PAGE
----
So what this does is when you click this link it actually replaces the nojs portion of this path, you can notice if I open this in a new window it actually gives me a formatted page, notice the title is different where it has nojs in the URL but if you use the Ajax format which when you click this link, the Java Script replaces this nojs with Ajax, it gives you a different result.

You’ll notice it’s Jason data and then that will get processed. So let’s go ahead and take a look at the code and see how it’s doing that and what is it doing and how it works. Go ahead and start … it’s a very simple module, it’s called Ajax Link, it has three files; the first one is ajaxlink.info which is just your simple Drupal 7 module info file.

You’ll notice it does include a scripts file for ajax_link.jas. Let’s go ahead and take a look at the ajaxlink.module file; so it’s only about 79 lines so it’s not too long.

The first is it implements Hook Menu and the first item in Hook Menu is just ajax-test and this is just our ajax-test page. All it has in this page is just an Ajax link. So it calls this Ajax Link Page Callback which this returns a renderable array which if you’re not sure what a renderable array is, look at some of my previous Daily Dose of Drupal videos, I talked about them briefly and it returns a … basically what happens is this gets rendered and created into a link.

So it’s a type of link, the title is Ajax Link which is the title right here, the H Ref is what you see when you hover over it is my-ajax-test/nojs as you can see down here, I also add a prefix and a suffix onto this and you’ll notice I wrap the link inside in ajax-linkdiv but I also put a div after this and it’s just set up to be empty.

So if I look at this you’ll notice … let me go ahead and refresh this page, there is a link right here; ajax-display. So I have my ajax-link div which wraps this link and I also have this ajax-display div which is empty right now. You’ll notice when I click on the link this ajax-display gets the data that’s pass back from the server and it gets put inside that div. So that’s all put into the prefix and suffix, I mean this is a renderable arrays or somewhat similar to Form Arrays if you’re familiar with Drupal 6 Form Arrays. The important part is this part right here; this Ajax property of this array.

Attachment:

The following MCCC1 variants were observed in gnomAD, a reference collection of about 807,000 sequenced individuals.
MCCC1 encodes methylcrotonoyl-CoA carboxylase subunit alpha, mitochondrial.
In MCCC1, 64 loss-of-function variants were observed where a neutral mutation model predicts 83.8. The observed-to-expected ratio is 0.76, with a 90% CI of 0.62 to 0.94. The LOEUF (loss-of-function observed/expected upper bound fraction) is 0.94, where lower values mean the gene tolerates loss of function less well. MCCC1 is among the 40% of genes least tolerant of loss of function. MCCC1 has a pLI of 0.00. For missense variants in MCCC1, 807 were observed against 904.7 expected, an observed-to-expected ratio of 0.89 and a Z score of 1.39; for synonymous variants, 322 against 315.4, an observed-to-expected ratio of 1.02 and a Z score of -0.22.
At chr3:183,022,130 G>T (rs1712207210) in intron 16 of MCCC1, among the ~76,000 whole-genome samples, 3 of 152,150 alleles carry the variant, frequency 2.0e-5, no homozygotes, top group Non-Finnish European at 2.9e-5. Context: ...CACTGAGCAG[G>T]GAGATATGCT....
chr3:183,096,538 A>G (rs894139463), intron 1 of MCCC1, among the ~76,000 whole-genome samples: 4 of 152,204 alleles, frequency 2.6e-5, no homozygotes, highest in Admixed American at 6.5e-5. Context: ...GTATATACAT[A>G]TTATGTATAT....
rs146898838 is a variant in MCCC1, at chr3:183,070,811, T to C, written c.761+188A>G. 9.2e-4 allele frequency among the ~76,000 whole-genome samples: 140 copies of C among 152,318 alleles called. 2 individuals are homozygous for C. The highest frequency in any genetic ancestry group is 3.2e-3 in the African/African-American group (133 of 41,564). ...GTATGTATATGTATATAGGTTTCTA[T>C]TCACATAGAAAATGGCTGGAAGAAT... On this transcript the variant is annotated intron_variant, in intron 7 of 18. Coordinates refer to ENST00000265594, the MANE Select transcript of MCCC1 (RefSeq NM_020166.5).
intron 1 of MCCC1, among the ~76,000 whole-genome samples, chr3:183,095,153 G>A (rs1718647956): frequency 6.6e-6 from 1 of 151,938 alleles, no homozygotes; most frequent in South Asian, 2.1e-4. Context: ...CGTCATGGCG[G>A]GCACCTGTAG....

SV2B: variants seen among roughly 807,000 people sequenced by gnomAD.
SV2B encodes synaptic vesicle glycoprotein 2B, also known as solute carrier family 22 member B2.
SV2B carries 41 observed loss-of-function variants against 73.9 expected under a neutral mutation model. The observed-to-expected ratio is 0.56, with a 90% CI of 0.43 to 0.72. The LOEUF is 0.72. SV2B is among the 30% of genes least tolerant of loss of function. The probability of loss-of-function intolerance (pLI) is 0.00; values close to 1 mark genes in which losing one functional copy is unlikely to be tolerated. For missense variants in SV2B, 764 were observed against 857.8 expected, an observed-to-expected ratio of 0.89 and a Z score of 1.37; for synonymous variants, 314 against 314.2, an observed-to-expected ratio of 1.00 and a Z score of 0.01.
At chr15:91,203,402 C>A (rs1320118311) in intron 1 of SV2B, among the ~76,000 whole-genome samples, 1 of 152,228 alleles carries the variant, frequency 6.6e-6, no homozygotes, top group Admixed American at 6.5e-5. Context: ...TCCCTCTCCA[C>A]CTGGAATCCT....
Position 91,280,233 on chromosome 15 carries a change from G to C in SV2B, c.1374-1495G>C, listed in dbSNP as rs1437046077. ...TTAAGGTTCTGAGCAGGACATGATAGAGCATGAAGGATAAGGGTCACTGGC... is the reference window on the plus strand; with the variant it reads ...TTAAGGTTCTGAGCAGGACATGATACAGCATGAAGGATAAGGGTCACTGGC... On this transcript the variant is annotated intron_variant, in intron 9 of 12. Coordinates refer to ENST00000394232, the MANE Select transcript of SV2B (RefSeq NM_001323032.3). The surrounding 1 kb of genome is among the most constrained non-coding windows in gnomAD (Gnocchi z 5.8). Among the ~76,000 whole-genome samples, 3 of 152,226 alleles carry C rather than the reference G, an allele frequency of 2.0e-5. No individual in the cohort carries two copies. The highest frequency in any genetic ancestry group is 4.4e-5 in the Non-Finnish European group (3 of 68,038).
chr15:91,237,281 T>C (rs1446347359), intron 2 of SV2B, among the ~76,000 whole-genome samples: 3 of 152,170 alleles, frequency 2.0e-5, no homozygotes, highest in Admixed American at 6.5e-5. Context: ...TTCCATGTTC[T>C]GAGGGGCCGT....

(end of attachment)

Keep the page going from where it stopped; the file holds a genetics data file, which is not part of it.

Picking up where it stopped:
All it’s telling you to do is use Ajax which is going to make sure it switches this nojs to Ajax when it makes the Ajax Call, I’m using an effect fade, you can look inside the Ajax Framework documentation for a whole bunch of other options for what you can do with this, a lot of these are use within Drupal forms like I said so they’re not all needed and this was basically what I can stripped it down to and still have it work.

Now let’s look at this other menu item; my-ajax-test, you’ll notice there’s a % sign here and this is so we can take argument or either it’s going to be nojs or it’s going to be /ajax. So it’s going to pass in that page argument to this Ajax link Callback function which if we go down here you’ll notice I have the function and I just pass the variable that get’s called in, this is either going to be set to like I said, nojs or Ajax and it’s going to be a string.